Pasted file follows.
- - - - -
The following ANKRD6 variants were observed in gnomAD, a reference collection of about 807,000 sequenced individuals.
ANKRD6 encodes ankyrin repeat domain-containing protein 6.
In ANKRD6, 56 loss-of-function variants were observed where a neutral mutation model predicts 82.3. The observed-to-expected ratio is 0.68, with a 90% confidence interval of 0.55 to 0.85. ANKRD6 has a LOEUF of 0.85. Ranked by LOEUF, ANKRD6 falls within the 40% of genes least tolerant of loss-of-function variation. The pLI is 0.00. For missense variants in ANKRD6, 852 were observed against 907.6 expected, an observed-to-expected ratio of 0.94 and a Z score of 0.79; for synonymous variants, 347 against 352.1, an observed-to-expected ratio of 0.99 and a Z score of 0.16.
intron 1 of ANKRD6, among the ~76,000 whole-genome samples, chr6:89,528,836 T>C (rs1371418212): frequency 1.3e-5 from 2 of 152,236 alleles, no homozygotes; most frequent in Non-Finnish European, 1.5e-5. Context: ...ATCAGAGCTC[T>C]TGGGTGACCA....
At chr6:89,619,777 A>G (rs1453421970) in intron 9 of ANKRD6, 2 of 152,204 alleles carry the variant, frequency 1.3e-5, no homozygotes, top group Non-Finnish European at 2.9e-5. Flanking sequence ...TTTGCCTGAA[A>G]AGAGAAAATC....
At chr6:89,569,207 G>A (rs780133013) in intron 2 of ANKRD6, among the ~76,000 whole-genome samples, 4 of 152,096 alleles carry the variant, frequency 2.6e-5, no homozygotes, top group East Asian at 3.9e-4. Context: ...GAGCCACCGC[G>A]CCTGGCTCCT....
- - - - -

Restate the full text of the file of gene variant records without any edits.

The following ANKRD6 variants were observed in gnomAD, a reference collection of about 807,000 sequenced individuals.
ANKRD6 encodes ankyrin repeat domain-containing protein 6.
In ANKRD6, 56 loss-of-function variants were observed where a neutral mutation model predicts 82.3. The observed-to-expected ratio is 0.68, with a 90% confidence interval of 0.55 to 0.85. ANKRD6 has a LOEUF of 0.85. Ranked by LOEUF, ANKRD6 falls within the 40% of genes least tolerant of loss-of-function variation. The pLI is 0.00. For missense variants in ANKRD6, 852 were observed against 907.6 expected, an observed-to-expected ratio of 0.94 and a Z score of 0.79; for synonymous variants, 347 against 352.1, an observed-to-expected ratio of 0.99 and a Z score of 0.16.
intron 1 of ANKRD6, among the ~76,000 whole-genome samples, chr6:89,528,836 T>C (rs1371418212): frequency 1.3e-5 from 2 of 152,236 alleles, no homozygotes; most frequent in Non-Finnish European, 1.5e-5. Context: ...ATCAGAGCTC[T>C]TGGGTGACCA....
At chr6:89,619,777 A>G (rs1453421970) in intron 9 of ANKRD6, 2 of 152,204 alleles carry the variant, frequency 1.3e-5, no homozygotes, top group Non-Finnish European at 2.9e-5. Flanking sequence ...TTTGCCTGAA[A>G]AGAGAAAATC....
At chr6:89,569,207 G>A (rs780133013) in intron 2 of ANKRD6, among the ~76,000 whole-genome samples, 4 of 152,096 alleles carry the variant, frequency 2.6e-5, no homozygotes, top group East Asian at 3.9e-4. Context: ...GAGCCACCGC[G>A]CCTGGCTCCT....